The case is a "small claims legal case" which means that I will not get a large sum of money if we win. But for me it is very important to continue with the appeal, it’s about my right to be treated like every other girl at school.
This process has been difficult. I have been in so many meetings with different principals and teachers at the school, lawyers, judges and lots of others.

The trial in district court was in December. We got the verdict and lost the case on the Friday before the Christmas holidays. I am very sad and dissatisfied with this judgment.
It feels like the City of Stockholm is questioning me and using lots of arguments that show that they do not understand what it is like to live as a (young) transgender person. The verdict, and Stockholm city, also used very racist arguments that say that one of the reasons I cannot change in the girl’s locker room is because Sweden has received so many refugees the last few years. They basically mean that refugees won’t accept transgender students in boys’ and girls’ locker rooms. I definately do not want Sweden to welcome less refugees and do not understand why the court uses refugee rights as an explanation for why trans kids should not have their rights respected.

The Anti-Discrimination Office has been wonderful, but they have no resources to continue my case appeal in the High Court.
I want to keep fighting but to be able to do that I need to raise money for a lawyer who can represent me.
The lawyer I have chosen is Silas Aliki at the People's Law Office in Stockholm. They specialize in HBTQI cases within the law. I think we have a real chance to win this, and if we do, it's for the rights of all transgender kids (and adults). I want to keep fighting because it would make a huge difference to my schooling and to so many others in the same situation.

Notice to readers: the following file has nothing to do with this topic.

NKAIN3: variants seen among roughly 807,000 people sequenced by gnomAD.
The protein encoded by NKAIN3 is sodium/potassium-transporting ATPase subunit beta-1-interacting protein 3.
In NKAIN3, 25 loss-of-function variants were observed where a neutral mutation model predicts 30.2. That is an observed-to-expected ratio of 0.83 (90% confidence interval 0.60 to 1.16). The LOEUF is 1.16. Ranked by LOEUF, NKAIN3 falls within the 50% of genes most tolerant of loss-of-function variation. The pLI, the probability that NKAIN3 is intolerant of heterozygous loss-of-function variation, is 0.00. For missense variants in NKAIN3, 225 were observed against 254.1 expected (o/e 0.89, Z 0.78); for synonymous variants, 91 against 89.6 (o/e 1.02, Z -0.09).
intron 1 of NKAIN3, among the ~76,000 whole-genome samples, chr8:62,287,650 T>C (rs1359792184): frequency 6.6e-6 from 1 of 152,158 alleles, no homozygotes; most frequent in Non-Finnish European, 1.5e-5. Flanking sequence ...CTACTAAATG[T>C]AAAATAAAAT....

We estimate that the cost will be approximately SEK 70,000.
For my family, this is of course a lot of money. That's why we need help.

Big thanks to everyone who read this and considers giving support

A little more info on what happened:
We have received questions if we have reported to the Equality Ombudsman, DO. The answer is yes. We got help to report to DO in the spring of 2018 by Karin Henriksson & Nina Andersson at the Children's Law Office and Carin Apelmo at Gothenburg's Rights Center, GRC. DO dropped the case after a very short time. The School Inspectorate, which we later reported to, also forwarded the case to the DO, as it concerns a protected ground of discrimination.
We think DO have different to drop a case like this without even investigating. One problem is that DO almost haven’t adressed or processed any trans issues since transgender identiy or expression became a protected ground in 2009. They basically lack knowledge and experience of trans issues. Another reason is that DO by principle do not process very many individual cases to court. It is also problable that DO doesn’t not realize that this problem is affecting a growing proportion of young transgender people. And that is why DO doesn’t acknowledge this case as pretty important for many people. But these are just guesses because DO did not explain why they chose not to investigate the case.

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Madde Edlund
Bandhagen, AB, Sweden